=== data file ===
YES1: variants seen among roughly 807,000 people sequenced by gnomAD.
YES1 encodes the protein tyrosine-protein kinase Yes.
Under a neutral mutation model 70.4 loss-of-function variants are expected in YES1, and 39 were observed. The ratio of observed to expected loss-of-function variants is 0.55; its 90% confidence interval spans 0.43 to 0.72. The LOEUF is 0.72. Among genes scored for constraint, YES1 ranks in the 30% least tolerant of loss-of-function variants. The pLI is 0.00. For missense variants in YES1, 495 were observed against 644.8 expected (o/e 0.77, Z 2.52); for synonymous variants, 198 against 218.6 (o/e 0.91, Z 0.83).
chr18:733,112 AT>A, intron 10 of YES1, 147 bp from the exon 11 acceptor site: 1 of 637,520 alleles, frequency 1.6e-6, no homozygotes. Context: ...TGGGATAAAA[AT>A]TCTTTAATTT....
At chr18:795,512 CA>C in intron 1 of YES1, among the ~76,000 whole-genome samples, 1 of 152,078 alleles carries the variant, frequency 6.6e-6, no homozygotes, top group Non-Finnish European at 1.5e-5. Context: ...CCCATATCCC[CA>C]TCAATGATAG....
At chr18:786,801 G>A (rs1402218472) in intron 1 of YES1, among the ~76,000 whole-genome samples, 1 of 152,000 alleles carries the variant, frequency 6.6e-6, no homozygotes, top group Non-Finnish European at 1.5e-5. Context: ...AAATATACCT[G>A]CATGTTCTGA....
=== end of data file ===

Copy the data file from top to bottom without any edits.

YES1: variants seen among roughly 807,000 people sequenced by gnomAD.
YES1 encodes the protein tyrosine-protein kinase Yes.
Under a neutral mutation model 70.4 loss-of-function variants are expected in YES1, and 39 were observed. The ratio of observed to expected loss-of-function variants is 0.55; its 90% confidence interval spans 0.43 to 0.72. The LOEUF is 0.72. Among genes scored for constraint, YES1 ranks in the 30% least tolerant of loss-of-function variants. The pLI is 0.00. For missense variants in YES1, 495 were observed against 644.8 expected (o/e 0.77, Z 2.52); for synonymous variants, 198 against 218.6 (o/e 0.91, Z 0.83).
chr18:733,112 AT>A, intron 10 of YES1, 147 bp from the exon 11 acceptor site: 1 of 637,520 alleles, frequency 1.6e-6, no homozygotes. Context: ...TGGGATAAAA[AT>A]TCTTTAATTT....
At chr18:795,512 CA>C in intron 1 of YES1, among the ~76,000 whole-genome samples, 1 of 152,078 alleles carries the variant, frequency 6.6e-6, no homozygotes, top group Non-Finnish European at 1.5e-5. Context: ...CCCATATCCC[CA>C]TCAATGATAG....
At chr18:786,801 G>A (rs1402218472) in intron 1 of YES1, among the ~76,000 whole-genome samples, 1 of 152,000 alleles carries the variant, frequency 6.6e-6, no homozygotes, top group Non-Finnish European at 1.5e-5. Context: ...AAATATACCT[G>A]CATGTTCTGA....